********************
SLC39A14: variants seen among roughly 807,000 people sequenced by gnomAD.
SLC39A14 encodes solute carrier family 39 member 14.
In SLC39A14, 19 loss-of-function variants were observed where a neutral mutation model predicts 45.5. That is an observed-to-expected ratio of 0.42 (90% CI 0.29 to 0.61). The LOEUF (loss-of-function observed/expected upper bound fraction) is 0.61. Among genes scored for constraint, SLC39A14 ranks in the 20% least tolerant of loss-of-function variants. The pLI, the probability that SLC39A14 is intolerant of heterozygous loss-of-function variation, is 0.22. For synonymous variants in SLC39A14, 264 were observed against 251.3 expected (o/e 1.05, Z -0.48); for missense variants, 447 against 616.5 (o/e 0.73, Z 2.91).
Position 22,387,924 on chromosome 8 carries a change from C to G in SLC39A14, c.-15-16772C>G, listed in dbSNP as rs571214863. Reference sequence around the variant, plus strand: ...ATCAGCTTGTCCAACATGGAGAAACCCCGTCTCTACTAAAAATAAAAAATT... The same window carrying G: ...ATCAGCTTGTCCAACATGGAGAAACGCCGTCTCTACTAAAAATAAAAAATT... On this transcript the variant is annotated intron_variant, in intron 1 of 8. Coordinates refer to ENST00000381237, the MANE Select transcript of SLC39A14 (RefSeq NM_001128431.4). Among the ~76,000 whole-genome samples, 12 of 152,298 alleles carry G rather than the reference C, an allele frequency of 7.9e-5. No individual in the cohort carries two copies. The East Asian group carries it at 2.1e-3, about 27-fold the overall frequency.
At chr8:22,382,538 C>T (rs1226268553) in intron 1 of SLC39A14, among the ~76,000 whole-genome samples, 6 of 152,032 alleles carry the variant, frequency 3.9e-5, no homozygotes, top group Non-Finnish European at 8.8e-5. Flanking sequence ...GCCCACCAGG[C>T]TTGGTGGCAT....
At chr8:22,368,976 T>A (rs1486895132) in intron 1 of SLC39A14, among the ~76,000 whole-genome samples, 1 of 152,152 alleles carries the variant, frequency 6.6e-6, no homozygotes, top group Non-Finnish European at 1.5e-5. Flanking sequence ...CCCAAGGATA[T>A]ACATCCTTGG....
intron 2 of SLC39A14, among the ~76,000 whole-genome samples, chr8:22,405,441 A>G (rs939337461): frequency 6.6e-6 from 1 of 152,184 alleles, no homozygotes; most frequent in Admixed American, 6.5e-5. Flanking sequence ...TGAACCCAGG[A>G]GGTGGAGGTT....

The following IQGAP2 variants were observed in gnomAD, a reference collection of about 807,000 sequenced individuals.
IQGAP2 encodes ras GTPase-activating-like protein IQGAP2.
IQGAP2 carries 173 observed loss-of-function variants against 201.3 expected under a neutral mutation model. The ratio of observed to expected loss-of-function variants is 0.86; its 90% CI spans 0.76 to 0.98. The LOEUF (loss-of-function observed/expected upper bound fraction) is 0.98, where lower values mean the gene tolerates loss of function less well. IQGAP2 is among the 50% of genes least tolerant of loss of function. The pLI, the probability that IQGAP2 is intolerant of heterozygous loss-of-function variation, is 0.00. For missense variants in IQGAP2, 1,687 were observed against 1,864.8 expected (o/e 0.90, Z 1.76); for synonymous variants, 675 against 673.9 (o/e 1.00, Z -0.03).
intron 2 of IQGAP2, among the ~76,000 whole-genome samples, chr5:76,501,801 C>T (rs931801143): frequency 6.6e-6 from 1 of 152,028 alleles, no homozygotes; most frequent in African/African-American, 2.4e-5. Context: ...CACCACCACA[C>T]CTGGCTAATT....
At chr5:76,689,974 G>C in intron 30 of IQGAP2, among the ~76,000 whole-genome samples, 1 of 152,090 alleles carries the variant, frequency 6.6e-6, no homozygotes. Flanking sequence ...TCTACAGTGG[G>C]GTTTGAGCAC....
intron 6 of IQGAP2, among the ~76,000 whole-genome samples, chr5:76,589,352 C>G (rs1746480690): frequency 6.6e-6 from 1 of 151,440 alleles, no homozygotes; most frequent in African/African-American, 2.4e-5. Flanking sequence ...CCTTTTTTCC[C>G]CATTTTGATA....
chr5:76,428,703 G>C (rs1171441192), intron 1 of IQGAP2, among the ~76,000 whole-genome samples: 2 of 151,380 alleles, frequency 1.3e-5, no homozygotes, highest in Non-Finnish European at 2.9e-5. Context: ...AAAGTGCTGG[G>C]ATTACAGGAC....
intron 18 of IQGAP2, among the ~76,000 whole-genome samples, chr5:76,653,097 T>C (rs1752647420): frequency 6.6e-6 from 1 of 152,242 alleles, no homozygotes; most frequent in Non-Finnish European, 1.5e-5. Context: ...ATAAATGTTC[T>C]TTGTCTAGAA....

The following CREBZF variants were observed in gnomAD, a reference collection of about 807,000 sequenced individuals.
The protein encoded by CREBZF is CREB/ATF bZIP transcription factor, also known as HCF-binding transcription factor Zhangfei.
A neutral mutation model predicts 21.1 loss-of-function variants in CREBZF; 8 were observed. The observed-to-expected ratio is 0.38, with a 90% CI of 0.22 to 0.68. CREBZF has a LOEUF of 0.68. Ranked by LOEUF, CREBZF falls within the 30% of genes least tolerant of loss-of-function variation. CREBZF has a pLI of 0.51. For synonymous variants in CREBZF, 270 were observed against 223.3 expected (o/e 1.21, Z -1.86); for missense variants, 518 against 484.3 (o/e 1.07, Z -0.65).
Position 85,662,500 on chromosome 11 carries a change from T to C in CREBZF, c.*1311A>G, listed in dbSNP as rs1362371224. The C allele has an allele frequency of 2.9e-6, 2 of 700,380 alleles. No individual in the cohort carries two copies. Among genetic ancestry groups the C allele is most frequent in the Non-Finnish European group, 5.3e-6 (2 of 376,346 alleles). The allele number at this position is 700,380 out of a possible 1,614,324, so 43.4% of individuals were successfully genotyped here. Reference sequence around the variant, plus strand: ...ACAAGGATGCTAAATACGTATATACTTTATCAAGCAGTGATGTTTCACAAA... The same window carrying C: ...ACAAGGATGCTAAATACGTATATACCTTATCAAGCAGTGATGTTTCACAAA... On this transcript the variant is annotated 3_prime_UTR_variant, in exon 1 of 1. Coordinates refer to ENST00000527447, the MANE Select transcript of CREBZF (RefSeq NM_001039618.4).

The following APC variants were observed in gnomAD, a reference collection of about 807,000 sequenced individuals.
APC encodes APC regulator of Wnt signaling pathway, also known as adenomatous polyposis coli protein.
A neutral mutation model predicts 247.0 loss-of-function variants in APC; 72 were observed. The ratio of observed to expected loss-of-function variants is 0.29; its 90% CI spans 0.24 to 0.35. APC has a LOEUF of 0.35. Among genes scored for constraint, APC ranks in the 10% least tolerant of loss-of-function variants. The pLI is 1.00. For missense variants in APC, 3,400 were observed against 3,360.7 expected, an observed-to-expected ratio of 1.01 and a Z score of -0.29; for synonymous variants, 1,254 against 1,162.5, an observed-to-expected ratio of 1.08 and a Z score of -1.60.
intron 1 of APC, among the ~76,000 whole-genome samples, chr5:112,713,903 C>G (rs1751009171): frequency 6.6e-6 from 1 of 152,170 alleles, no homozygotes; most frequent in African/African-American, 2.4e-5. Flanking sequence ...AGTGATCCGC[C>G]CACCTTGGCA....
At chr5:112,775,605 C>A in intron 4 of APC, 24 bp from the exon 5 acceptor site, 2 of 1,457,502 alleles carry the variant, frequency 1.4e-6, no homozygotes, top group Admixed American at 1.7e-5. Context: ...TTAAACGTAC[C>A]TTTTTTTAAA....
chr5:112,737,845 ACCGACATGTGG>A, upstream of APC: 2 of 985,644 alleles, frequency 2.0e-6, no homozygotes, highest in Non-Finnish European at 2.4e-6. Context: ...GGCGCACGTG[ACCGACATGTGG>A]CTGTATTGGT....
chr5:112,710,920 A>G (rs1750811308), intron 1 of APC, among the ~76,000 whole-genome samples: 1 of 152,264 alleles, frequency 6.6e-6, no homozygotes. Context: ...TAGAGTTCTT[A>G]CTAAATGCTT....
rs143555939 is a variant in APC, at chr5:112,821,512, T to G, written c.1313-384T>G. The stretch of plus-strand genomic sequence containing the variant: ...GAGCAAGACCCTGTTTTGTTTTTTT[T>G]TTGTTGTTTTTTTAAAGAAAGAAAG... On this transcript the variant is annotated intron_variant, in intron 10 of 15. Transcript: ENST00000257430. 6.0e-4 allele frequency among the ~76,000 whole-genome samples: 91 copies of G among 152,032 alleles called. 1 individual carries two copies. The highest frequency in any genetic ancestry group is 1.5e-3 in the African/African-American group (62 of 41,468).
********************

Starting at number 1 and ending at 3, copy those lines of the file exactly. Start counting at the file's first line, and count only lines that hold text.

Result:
SLC39A14: variants seen among roughly 807,000 people sequenced by gnomAD.
SLC39A14 encodes solute carrier family 39 member 14.
In SLC39A14, 19 loss-of-function variants were observed where a neutral mutation model predicts 45.5. That is an observed-to-expected ratio of 0.42 (90% CI 0.29 to 0.61). The LOEUF (loss-of-function observed/expected upper bound fraction) is 0.61. Among genes scored for constraint, SLC39A14 ranks in the 20% least tolerant of loss-of-function variants. The pLI, the probability that SLC39A14 is intolerant of heterozygous loss-of-function variation, is 0.22. For synonymous variants in SLC39A14, 264 were observed against 251.3 expected (o/e 1.05, Z -0.48); for missense variants, 447 against 616.5 (o/e 0.73, Z 2.91).